Friday’s concert at The Target Center is a celebration of the work we’ve done together for the past 20 years. It’s not a retrospective of our entire catalogue and Psalm isn’t the only artist who isn’t on the bill. We’re not deleting her from our history. Rhymesayers is built on personal relationships more than anything and the relationship with Psalm doesn’t feel genuine. While I mentioned the idea of the concert to Psalm earlier this year, she was never invited or uninvited. After considering some of the interactions we’ve had recently including strained relationships with other artists, we opted not to have that energy in the building. Out of respect I personally called Psalm prior to announcing the show to discuss our position but got no answer or return call.
With all of that being said, the fact still remains that women are underrepresented in the world, in Hip Hop and on our label.
As president of Rhymesayers, I didn’t fail Psalm One. If I’ve failed anyone, I failed my daughter, my nieces, all of the women we work with and our women fans who deserve to see themselves consistently represented in our life’s work. It’s not easy to swim against the current and be the exception in a male dominated culture. It takes an intentional commitment and a consistency that I haven’t prioritized enough. I accept the challenge and welcome the reminder to make it more of a priority going forward. My people and I can do better.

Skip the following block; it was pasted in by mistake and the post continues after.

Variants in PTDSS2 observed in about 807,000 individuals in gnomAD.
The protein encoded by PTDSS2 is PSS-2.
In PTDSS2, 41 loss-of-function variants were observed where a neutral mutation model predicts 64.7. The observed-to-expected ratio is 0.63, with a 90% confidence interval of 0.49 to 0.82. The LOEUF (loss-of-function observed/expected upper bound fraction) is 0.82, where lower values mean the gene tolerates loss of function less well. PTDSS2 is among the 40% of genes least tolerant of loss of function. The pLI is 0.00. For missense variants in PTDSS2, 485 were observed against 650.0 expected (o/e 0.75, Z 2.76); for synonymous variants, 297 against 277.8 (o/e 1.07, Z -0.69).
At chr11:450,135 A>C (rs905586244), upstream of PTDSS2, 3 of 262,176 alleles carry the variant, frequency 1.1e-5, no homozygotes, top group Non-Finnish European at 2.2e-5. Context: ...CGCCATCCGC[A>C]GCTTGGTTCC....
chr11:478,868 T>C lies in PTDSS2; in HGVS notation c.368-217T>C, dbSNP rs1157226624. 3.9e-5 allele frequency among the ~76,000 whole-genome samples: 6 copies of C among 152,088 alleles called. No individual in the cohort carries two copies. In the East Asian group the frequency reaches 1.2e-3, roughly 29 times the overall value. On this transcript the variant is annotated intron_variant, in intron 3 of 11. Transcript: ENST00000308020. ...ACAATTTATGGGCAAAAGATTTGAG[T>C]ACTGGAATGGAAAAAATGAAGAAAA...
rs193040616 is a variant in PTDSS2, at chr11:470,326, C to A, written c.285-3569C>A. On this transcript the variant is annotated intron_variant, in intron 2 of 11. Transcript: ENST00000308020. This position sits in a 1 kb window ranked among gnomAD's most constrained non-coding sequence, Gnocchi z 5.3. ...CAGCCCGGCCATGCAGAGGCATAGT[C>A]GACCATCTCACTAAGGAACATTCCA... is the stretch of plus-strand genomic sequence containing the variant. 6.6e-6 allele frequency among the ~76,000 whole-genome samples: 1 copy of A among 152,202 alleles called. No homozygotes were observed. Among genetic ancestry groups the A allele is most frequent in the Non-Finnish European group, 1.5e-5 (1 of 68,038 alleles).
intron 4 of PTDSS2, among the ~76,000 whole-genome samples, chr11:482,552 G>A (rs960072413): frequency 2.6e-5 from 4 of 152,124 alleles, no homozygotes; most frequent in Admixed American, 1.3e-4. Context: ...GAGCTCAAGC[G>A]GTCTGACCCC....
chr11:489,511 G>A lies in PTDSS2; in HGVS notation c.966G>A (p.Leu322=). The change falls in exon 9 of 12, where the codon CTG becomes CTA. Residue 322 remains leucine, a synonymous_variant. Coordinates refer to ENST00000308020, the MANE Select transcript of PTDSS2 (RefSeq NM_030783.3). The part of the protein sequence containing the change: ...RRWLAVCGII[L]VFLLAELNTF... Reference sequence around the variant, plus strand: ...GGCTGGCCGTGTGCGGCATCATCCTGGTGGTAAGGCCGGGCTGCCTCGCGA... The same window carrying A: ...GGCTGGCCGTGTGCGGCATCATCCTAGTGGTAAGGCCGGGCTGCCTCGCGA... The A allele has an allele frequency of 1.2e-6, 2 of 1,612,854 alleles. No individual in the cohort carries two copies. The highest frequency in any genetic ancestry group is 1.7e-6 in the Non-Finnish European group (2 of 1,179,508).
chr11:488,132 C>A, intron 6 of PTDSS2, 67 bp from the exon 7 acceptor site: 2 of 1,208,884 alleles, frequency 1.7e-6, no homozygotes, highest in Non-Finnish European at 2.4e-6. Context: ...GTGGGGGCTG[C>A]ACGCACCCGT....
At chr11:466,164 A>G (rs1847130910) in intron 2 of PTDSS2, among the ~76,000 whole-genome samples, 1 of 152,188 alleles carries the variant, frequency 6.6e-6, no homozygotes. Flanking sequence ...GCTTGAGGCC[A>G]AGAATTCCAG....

We continue to increase the women representation at Soundset, partly because the community asked for it and we hear their concerns. Booking a festival is about scouting artists and balancing the major draw acts with up-and-coming voices that deserve to be heard. As label president though, I’ve never actively approached artists that way. Our strength has been that our relationships have started as personal ones that grow organically into business partnerships over time. Looking at the lack of women artists on our label, it’s clear that I have to recognize it as a priority and shift my approach. If these voices aren’t found through these relationships I commit to going out and finding them.
Rhymesayers has always been about community and diversity. Those are our roots, and our history and legacy reflect that. I can say honestly though, that being consumed by the work itself and the demand of raising our families may have allowed us to lose some of that connection. But as we round out our 20th year, I am excited for the opportunity to reinvigorate those roots and recommit to those principles more than ever.
In the coming weeks, I’ll be reaching out to artists, leaders and community members to explore how Rhymesayers can better serve our community. I look forward to building something healthy with genuine people.
I’m proud to have Kimya Dawson, B-Girls Anne “AnnieUp” Aldag and Bella Roberts, and Iman & Khadijah (the young Muslim women who’ve performed with Brother Ali for the past several years) along with their new 12 woman dance crew S.H.E (She who Holds Everything) on stage at Friday night’s celebration. We hope you’ll join us in not only celebrating the last 20 years, but building the future.
Brent “siddiq” Sayers
12.1.15 Rhymesayers 20 Compilation